One lucky competition winner had the chance to ride in an offshore powerboat in Tauranga on Friday, ahead of the final race of the 2012 New Zealand Offshore Powerboat Series today.
Gary Baker, who won the once in a lifetime opportunity through the @Heart BOP, is raising funds for this year’s Heart Stopper Challenge.
Along with team owner Scott Lewis, Gary reached speeds of 114mph in the Schick Hydro Racing powerboat.
Heartstopper Challenge spokesperson Stu Watson says Gary is a huge fan of the powerboat scene and says it’s an awesome opportunity.
Shick Hydro Racing has carried the @Heart logo for this year’s season of racing.
It’s been so great to have their support, says Stu.
The BOP Heart Stopper Challenge will take place in two weeks’ time.
Running for close to ten years, the challenge involves people plunging themselves into ice cold water for five minutes.
Every year in New Zealand about 450 open heart surgeries are performed on children – some of these are babies in their first days of life.
The inspiration for the ice cold plunge comes from the fact that during the surgery a child’s chest cavity can be filled with an icy slush to slow the heart rate and metabolism, giving the surgeon a longer window of operating time.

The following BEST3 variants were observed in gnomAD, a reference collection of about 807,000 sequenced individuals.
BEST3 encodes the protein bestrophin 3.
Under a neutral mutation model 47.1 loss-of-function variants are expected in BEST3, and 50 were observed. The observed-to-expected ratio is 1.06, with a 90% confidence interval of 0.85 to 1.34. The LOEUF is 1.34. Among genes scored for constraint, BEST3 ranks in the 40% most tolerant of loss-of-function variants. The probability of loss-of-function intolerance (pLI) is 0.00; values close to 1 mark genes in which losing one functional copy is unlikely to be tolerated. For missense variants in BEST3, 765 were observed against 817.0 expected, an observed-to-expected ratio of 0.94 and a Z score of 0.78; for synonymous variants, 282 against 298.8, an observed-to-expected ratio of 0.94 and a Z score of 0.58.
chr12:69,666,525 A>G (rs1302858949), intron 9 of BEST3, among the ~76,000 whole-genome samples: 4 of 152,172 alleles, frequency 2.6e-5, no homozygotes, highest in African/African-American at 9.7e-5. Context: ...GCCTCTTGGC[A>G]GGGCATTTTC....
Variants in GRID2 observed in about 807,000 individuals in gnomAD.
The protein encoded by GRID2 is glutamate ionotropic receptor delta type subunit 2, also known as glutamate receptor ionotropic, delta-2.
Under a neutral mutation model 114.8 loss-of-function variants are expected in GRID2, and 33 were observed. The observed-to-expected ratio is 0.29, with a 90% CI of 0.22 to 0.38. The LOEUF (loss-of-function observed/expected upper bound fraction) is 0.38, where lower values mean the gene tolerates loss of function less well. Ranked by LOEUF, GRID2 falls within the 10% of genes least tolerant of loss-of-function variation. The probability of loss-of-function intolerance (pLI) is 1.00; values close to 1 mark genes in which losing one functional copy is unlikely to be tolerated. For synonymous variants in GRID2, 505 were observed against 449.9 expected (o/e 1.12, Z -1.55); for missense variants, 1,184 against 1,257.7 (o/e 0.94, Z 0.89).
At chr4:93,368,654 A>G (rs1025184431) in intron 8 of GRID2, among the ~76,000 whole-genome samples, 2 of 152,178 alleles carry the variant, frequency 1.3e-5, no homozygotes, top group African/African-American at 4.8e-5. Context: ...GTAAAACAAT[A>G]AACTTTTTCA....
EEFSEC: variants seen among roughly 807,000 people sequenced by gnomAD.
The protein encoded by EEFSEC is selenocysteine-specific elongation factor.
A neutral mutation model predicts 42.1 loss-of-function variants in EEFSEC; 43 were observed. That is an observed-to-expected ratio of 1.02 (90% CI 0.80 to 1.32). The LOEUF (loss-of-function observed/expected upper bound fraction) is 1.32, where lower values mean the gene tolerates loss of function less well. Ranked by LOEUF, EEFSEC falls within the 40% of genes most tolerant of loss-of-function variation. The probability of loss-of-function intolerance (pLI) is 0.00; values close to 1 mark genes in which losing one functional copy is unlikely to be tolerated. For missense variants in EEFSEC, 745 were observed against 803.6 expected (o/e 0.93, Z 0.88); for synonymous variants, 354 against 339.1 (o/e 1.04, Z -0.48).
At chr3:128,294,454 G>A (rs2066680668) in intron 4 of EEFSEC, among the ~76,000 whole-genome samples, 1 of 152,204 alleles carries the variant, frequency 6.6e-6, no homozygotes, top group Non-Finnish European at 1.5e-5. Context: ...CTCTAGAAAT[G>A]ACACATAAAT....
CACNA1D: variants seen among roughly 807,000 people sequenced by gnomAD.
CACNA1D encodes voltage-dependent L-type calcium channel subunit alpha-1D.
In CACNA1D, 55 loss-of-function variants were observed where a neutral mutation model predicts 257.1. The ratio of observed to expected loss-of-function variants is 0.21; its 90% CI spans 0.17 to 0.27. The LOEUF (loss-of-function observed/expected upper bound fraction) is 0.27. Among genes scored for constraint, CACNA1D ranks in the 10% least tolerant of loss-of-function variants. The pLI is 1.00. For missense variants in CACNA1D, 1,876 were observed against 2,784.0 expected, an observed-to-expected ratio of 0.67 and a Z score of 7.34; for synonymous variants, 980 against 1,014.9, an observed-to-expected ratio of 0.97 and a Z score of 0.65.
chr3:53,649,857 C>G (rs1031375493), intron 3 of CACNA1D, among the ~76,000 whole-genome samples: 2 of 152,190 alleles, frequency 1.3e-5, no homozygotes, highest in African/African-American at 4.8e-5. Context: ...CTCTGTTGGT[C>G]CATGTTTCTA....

The Heart Stopper Challenge has been a very successful fundraising event in years gone by and a great team building event, says Stu.
AC/DC drummer Phil Rudd’s local restaurant Phil’s Place is the major sponsor behind today’s final race.
Phil says he’s looking forward to some exciting racing today.
“This is the second event we have sponsored, it’s a great way to bring interest to the town and give back to our community.
“Good luck to everyone racing.”
Stu says there will be entertainment for the kids at Sulphur Point today, so it’s a great opportunity for the whole family to have some fun.
“All the money raised here stays in Tauranga.
“It’s definitely worth bringing your family down.”
If you want to enter the Heart Stopper Challenge or donate to the cause, visit www.heartstopper.org.nz
Photos from race day: Daniel Hines